From hobby farmers and large property owners to landscape contractors and municipalities, the customer base for rural lifestyle equipment dealers is diverse and segmented. For dealers who specialize in smaller equipment, the professional farmer who is categorized as “small” should also represent a fertile area for customer prospecting — because it’s huge! And often these farmers want to deal with someone they consider “local” and who they can get to know.
USDA defines a farm as any place that produced and sold — or normally would have produced and sold — at least $1,000 of agricultural products during a given year. Farm size is measured by gross cash farm income (GCFI), a measure of the farm’s revenue that includes sales of crops and livestock. A “small” farm is considered as one with a GCFI with less than $350,000 annually.
Here are a few other statistics and classifications of small family farms from the 2016 Agricultural Resource Management Survey that demonstrate their potential for equipment dealers:
- Retirement farms. Small farms whose principal operators report they are retired, although they continue to farm on a small scale (366,812 farms; 17.9% of U.S. farms).
- Off-farm occupation farms. Small farms whose principal operators report a major occupation other than farming (860,739 farms; 41.9% of U.S. farms).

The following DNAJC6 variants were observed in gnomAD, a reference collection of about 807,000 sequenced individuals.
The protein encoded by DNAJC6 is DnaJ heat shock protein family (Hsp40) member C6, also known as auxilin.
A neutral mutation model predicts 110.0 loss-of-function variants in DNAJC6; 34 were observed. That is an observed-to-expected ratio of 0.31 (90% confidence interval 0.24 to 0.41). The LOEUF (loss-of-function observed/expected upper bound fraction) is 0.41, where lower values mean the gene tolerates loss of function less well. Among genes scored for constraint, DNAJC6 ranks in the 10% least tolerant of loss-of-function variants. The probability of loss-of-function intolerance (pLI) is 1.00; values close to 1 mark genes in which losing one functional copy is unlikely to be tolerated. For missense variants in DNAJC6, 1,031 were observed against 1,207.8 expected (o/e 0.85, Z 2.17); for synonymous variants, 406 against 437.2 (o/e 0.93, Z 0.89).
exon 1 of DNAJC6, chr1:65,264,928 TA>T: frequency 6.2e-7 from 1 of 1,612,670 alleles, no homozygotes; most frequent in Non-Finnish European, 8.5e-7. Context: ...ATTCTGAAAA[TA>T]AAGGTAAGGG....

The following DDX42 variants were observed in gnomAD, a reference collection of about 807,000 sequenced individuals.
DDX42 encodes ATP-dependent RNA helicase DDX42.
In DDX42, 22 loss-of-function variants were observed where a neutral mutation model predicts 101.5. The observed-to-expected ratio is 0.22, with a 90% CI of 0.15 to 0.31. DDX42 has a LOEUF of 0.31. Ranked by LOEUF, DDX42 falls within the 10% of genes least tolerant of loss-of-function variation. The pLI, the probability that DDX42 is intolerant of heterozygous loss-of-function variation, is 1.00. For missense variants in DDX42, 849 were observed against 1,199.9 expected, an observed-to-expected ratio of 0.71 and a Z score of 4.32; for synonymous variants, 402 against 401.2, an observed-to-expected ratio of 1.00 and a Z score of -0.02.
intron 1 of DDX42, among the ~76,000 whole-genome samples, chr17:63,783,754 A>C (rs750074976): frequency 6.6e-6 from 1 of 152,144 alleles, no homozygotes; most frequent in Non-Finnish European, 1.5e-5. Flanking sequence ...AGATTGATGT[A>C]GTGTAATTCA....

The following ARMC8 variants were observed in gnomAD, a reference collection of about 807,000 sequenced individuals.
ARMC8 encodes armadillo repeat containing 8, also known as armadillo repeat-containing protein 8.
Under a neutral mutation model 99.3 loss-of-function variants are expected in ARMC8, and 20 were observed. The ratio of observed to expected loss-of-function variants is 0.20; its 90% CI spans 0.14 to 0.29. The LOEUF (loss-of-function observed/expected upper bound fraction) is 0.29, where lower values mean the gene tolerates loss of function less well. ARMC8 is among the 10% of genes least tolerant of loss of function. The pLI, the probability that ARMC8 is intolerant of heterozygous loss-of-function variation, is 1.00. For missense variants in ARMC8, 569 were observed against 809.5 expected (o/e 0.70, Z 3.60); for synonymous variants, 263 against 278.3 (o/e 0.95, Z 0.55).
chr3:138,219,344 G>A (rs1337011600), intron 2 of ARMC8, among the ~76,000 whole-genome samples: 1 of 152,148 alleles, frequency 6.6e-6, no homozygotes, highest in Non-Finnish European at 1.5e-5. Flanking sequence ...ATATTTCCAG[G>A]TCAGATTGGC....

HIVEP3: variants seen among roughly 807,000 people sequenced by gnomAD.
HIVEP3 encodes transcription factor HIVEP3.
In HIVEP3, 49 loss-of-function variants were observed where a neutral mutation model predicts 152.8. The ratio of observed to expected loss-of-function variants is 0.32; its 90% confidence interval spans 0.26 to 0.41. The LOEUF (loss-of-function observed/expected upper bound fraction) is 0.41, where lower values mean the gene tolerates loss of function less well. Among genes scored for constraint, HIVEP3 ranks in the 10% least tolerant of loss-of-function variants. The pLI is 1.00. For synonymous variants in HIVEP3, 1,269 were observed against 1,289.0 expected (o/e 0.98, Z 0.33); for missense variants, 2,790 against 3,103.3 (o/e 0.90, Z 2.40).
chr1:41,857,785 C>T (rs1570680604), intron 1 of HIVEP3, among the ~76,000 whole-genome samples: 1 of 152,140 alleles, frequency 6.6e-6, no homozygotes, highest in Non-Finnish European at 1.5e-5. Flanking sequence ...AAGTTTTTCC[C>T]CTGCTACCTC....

- Farming-occupation farms. Small farms whose principal operators report farming as their major occupation with low sales, or GCFI less than $150,000 (506,001 farms, 24.7% of U.S. farms); with moderate-sales, or GCFI between $150,000 and $349,999 (110,524 farms; 5.4% of U.S. farms).
Most U.S. Farms are ‘Small’
The fact of the matter is most farms fall into the “small” category. At the same time, they are significant contributors to overall farm production. Overall, 90% of U.S. farms are small and these farms accounted for 51% of the land operated and 23% of production in 2016. In addition, small farms produce 59% of U.S. poultry output and 50% of all hay produced.
Editor’s Note: The data presented here was compiled by the Agricultural Resource Management Survey (ARMS), an annual survey conducted by USDA’s National Agricultural Statistics Service and ERS. This information is based on a sample of approximately 18,500 farms. Totals may not add to 100% due to rounding.